what does portability mean?

This is a discussion on what does portability mean? within the A Brief History of Cprogramming.com forums, part of the Community Boards category; Here's a simple question that I haven't seen bandied about, but can't say I review this board much, so I ...

  1. #1
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    what does portability mean?

    Here's a simple question that I haven't seen bandied about, but can't say I review this board much, so I apologize if I am in error on that.

    What does the phrase, cross platform portability, mean? Does it mean if I compile a program using only standard C++ it will run on Windows and Apple and Unix platforms or it will compile on all three platforms? I mean if I write a program with non-standard code and the exe (or whatever) file runs on all three platforms, does it really matter if it compiles on all three platforms or not?

    Maybe the answer is---depends. If you are a hobbyist (like me) and don't care about code maintenance issues, or if you don't care about compatability with other platforms, then it's probably not a big deal. But if you are a professional programmer and code maintenance is an issue or if you are looking for the broadest possible market for your product, then portability is a potentially big issue.

  2. #2
    5|-|1+|-|34|) ober's Avatar
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    Basically portability means that you can run your programs on many systems. There's a standard (usually ANSI) that all (or most) OSes adhere to as far as understanding code. As long as you stay within those standards, you programs should work fine... however C++ is a lot more tricky to do this with than maybe just C.
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  3. #3
    Code Goddess Prelude's Avatar
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    Portable programs can be moved to another platform and compiled without changes or with minimal changes.
    Maybe the answer is---depends. If you are a hobbyist (like me) and don't care about code maintenance issues, or if you don't care about compatability with other platforms, then it's probably not a big deal. But if you are a professional programmer and code maintenance is an issue or if you are looking for the broadest possible market for your product, then portability is a potentially big issue.
    This is a naive view, but still correct to some extent. I see portability as a measure of quality. If you don't need to use non-portable features of a platform then a portable program should be written for the sake of good style. If you do need to use non-portable features, you should modularize them sufficiently so that porting the program to another platform is relatively painless. For example, the following program is not portable and if it were huge would be a pain to modify:
    Code:
    #include <stdio.h>
    #include <stdlib.h>
    
    int main ( void )
    {
      /* Do stuff */
    
      system ( "cls" );
    
      /* Do more stuff */
    
      return 0;
    }
    The problem is that using "cls" as the argument to system will break on platforms that do not use cls as a clear screen command. If system ( "cls" ) were called hundreds of times then porting this program would be...well, put bluntly it would be a real *****. It could be better written like this:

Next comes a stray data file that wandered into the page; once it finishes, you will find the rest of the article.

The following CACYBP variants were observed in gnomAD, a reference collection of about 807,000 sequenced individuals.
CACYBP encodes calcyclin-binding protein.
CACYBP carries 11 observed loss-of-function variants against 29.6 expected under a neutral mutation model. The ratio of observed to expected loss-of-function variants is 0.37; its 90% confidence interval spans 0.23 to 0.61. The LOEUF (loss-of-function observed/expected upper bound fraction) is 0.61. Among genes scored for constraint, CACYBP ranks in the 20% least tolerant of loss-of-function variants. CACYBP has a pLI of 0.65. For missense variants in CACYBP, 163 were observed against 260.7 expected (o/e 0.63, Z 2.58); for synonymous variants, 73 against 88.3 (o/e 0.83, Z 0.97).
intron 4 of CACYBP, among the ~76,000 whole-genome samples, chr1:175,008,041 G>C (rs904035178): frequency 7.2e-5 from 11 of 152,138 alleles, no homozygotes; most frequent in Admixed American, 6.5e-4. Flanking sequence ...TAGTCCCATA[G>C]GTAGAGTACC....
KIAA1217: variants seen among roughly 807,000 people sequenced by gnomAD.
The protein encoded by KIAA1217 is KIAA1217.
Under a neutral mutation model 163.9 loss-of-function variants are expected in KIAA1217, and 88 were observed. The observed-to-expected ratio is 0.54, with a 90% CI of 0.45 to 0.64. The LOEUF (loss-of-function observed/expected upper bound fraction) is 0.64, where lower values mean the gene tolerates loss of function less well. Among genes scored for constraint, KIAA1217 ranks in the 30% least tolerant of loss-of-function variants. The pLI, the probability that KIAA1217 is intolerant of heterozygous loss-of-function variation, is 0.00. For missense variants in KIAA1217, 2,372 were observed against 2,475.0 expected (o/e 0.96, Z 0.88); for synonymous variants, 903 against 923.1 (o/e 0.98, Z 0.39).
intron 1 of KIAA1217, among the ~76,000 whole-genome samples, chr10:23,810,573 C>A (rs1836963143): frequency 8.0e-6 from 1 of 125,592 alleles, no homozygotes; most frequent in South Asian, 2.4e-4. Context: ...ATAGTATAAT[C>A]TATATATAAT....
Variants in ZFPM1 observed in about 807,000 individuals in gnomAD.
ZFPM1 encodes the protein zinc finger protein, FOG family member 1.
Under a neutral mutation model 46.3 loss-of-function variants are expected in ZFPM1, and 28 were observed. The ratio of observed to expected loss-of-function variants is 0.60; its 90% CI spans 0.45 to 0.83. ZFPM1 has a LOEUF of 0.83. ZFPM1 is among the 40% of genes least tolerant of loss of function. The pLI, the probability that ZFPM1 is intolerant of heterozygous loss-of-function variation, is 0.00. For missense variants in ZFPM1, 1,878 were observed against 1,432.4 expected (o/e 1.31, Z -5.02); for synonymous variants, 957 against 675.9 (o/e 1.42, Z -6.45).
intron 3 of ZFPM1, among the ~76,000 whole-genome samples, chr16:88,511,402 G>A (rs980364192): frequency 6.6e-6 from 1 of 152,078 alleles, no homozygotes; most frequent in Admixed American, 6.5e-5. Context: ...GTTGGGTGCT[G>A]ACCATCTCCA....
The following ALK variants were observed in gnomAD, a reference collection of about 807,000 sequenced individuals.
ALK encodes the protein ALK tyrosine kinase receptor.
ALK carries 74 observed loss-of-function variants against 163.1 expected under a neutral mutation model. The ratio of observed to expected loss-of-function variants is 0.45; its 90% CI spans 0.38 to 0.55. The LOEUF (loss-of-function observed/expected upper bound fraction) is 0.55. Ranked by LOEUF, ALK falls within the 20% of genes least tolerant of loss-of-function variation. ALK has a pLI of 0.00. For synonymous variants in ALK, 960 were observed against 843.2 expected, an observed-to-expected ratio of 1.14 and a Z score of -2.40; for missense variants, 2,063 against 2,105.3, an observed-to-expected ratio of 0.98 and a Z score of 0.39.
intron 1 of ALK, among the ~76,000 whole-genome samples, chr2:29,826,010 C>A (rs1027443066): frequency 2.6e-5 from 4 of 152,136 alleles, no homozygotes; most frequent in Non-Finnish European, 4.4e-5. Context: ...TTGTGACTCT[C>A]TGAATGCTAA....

Code:
    #include <stdio.h>
    #include <stdlib.h>
    
    void clear ( void )
    {
      system ( "cls" );
    }
    
    int main ( void )
    {
      /* Do stuff */
    
     clear();
    
      /* Do more stuff */
    
      return 0;
    }
    The non-portable feature is still there, but the effort it takes to change that feature to suit a new platform is as simple as changing "cls" to "clear" or some other command.

    So basically, the measure of portability for a program, or modularization to ease portability, is a good measure of program quality. Program quality is something every programmer should strive for, the end result should be portable simply because you as the programmer care about quality, even if portability isn't a concern for you.

    -Prelude
    My best code is written with the delete key.

  4. #4
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    > even if portability isn't a concern for you
    ..it might be for someone else.
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    Thanks.

    The answers confirm my suspicion that the concept is murky. At least when two respectable programmers disagree, (one says runs, the other says compiles), then in my mind the concept isn't cut an dried.

    Or maybe it means that run and compiles are one and the same????

  6. #6
    _B-L-U-E_ Betazep's Avatar
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    No... it is 'compiles' and not 'runs'.

    A program that is compiled on a windows machine will not run on linux (usually) and vice versa. But a portable program should be able to be compiled on either with little to no changes and then run.

    "Program quality is something every programmer should strive for, the end result should be portable simply because you as the programmer care about quality, even if portability isn't a concern for you."

    And that has to be really close to the coolest programming statement I have ever heard.
    Last edited by Betazep; 10-02-2002 at 03:05 PM.
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  7. #7
    It's full of stars adrianxw's Avatar
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    >>> the concept is murky

    Not murky. Truly portable code should compile on other systems. The object produced by a compiler cannot be expected to run on different hardware - the processor opcodes for example, would not be the same.
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